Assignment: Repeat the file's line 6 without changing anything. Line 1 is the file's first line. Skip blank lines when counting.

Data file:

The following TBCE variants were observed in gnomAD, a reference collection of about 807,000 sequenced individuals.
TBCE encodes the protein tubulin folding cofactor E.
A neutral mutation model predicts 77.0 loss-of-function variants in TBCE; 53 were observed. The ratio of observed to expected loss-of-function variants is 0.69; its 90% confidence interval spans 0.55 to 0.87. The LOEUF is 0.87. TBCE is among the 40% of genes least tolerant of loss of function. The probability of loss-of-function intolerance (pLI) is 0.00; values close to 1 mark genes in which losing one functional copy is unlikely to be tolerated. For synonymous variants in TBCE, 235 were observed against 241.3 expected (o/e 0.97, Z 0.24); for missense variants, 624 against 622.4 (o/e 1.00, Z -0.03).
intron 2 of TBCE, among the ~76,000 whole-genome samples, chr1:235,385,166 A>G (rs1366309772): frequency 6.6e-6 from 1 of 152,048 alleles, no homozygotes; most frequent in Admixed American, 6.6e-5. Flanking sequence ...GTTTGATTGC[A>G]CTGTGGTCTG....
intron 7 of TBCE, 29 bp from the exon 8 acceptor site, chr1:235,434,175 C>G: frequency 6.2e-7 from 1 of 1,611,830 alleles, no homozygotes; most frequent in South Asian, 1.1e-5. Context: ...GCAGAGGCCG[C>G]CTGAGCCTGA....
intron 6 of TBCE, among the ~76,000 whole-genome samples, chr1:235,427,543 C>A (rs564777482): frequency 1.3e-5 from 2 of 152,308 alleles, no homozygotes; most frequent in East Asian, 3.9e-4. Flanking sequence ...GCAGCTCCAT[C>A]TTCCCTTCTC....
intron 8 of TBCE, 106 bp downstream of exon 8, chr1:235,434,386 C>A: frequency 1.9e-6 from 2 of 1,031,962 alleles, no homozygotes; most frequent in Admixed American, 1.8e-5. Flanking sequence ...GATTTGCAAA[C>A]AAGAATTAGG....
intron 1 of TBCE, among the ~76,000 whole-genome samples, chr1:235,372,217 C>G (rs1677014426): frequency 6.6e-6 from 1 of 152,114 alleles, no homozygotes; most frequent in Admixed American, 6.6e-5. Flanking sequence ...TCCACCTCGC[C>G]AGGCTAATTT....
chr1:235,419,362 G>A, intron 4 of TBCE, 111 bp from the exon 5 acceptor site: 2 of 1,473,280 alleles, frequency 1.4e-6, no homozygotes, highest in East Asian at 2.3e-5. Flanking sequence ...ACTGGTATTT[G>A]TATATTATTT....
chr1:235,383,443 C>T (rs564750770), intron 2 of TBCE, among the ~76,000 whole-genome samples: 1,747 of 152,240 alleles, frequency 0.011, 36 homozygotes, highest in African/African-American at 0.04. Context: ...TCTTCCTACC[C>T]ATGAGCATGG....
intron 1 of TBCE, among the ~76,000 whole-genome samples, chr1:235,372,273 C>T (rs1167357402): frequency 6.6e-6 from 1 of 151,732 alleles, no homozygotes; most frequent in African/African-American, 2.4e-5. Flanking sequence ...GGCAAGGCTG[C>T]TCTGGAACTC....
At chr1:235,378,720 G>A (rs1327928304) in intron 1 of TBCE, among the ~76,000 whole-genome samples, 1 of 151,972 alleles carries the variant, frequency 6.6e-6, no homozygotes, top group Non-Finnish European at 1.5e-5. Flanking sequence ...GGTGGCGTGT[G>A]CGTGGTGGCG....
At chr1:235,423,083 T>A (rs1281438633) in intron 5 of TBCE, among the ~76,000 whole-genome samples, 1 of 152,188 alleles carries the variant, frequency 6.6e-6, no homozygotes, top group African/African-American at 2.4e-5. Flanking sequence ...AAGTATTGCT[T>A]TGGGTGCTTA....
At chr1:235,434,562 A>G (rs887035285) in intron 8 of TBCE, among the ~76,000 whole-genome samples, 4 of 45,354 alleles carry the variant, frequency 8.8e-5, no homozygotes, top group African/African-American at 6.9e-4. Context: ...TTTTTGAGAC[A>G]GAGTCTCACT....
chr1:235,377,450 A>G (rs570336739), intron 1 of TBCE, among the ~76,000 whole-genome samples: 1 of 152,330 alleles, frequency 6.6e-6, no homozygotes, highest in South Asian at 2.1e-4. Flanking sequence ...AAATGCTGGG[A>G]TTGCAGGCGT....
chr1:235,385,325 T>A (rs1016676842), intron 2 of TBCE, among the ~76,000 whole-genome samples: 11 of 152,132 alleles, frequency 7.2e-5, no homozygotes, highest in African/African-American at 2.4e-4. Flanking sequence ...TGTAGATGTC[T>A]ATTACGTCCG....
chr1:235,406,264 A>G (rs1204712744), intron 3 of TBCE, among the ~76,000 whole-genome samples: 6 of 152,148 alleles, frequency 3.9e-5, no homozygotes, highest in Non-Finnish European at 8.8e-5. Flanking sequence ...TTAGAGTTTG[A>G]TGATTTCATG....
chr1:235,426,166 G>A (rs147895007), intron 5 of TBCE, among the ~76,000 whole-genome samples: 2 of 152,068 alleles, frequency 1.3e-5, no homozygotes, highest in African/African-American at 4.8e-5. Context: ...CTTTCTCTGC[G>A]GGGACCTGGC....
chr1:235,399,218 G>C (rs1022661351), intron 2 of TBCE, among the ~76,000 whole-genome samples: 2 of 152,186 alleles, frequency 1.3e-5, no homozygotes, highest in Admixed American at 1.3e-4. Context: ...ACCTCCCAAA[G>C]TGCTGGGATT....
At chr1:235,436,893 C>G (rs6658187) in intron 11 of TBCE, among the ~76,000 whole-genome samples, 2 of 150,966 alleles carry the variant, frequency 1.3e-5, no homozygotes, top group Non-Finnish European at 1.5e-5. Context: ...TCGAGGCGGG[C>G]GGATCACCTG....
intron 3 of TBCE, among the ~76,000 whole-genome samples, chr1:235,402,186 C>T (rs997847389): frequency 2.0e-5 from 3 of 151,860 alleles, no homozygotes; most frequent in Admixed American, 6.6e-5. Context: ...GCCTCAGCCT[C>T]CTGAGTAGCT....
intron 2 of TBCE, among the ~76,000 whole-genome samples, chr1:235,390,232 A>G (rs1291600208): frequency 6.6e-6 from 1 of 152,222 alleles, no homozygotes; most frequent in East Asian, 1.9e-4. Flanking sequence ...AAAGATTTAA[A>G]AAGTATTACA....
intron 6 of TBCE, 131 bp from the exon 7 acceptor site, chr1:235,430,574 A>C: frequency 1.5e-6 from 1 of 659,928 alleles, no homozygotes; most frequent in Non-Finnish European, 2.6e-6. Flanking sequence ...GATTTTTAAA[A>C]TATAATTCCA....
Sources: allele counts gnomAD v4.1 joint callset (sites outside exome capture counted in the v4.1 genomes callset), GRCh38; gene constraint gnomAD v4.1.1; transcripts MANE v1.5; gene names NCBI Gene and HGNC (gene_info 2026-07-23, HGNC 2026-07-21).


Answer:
intron 6 of TBCE, among the ~76,000 whole-genome samples, chr1:235,427,543 C>A (rs564777482): frequency 1.3e-5 from 2 of 152,308 alleles, no homozygotes; most frequent in East Asian, 3.9e-4. Flanking sequence ...GCAGCTCCAT[C>A]TTCCCTTCTC....